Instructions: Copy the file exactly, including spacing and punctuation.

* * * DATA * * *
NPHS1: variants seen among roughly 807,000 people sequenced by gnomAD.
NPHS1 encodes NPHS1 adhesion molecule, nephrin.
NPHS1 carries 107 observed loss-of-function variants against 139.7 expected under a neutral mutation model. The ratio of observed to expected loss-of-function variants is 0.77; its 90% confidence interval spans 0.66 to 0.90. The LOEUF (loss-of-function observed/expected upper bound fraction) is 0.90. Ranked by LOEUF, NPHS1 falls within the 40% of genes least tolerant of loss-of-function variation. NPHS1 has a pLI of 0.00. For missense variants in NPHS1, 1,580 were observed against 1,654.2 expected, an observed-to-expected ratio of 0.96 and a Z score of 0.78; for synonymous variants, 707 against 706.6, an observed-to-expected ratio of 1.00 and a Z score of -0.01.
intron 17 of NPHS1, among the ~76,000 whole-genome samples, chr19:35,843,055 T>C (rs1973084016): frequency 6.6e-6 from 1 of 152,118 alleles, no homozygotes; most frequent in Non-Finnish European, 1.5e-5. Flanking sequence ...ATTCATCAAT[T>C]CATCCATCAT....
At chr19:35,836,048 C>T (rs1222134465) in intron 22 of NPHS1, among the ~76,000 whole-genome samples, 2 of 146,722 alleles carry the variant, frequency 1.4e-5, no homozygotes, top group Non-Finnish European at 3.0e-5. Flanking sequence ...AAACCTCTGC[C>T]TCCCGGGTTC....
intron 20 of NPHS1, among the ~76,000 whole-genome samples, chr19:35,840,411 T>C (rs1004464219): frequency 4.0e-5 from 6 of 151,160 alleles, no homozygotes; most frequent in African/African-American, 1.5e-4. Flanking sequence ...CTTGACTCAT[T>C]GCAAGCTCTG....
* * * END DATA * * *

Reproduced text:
NPHS1: variants seen among roughly 807,000 people sequenced by gnomAD.
NPHS1 encodes NPHS1 adhesion molecule, nephrin.
NPHS1 carries 107 observed loss-of-function variants against 139.7 expected under a neutral mutation model. The ratio of observed to expected loss-of-function variants is 0.77; its 90% confidence interval spans 0.66 to 0.90. The LOEUF (loss-of-function observed/expected upper bound fraction) is 0.90. Ranked by LOEUF, NPHS1 falls within the 40% of genes least tolerant of loss-of-function variation. NPHS1 has a pLI of 0.00. For missense variants in NPHS1, 1,580 were observed against 1,654.2 expected, an observed-to-expected ratio of 0.96 and a Z score of 0.78; for synonymous variants, 707 against 706.6, an observed-to-expected ratio of 1.00 and a Z score of -0.01.
intron 17 of NPHS1, among the ~76,000 whole-genome samples, chr19:35,843,055 T>C (rs1973084016): frequency 6.6e-6 from 1 of 152,118 alleles, no homozygotes; most frequent in Non-Finnish European, 1.5e-5. Flanking sequence ...ATTCATCAAT[T>C]CATCCATCAT....
At chr19:35,836,048 C>T (rs1222134465) in intron 22 of NPHS1, among the ~76,000 whole-genome samples, 2 of 146,722 alleles carry the variant, frequency 1.4e-5, no homozygotes, top group Non-Finnish European at 3.0e-5. Flanking sequence ...AAACCTCTGC[C>T]TCCCGGGTTC....
intron 20 of NPHS1, among the ~76,000 whole-genome samples, chr19:35,840,411 T>C (rs1004464219): frequency 4.0e-5 from 6 of 151,160 alleles, no homozygotes; most frequent in African/African-American, 1.5e-4. Flanking sequence ...CTTGACTCAT[T>C]GCAAGCTCTG....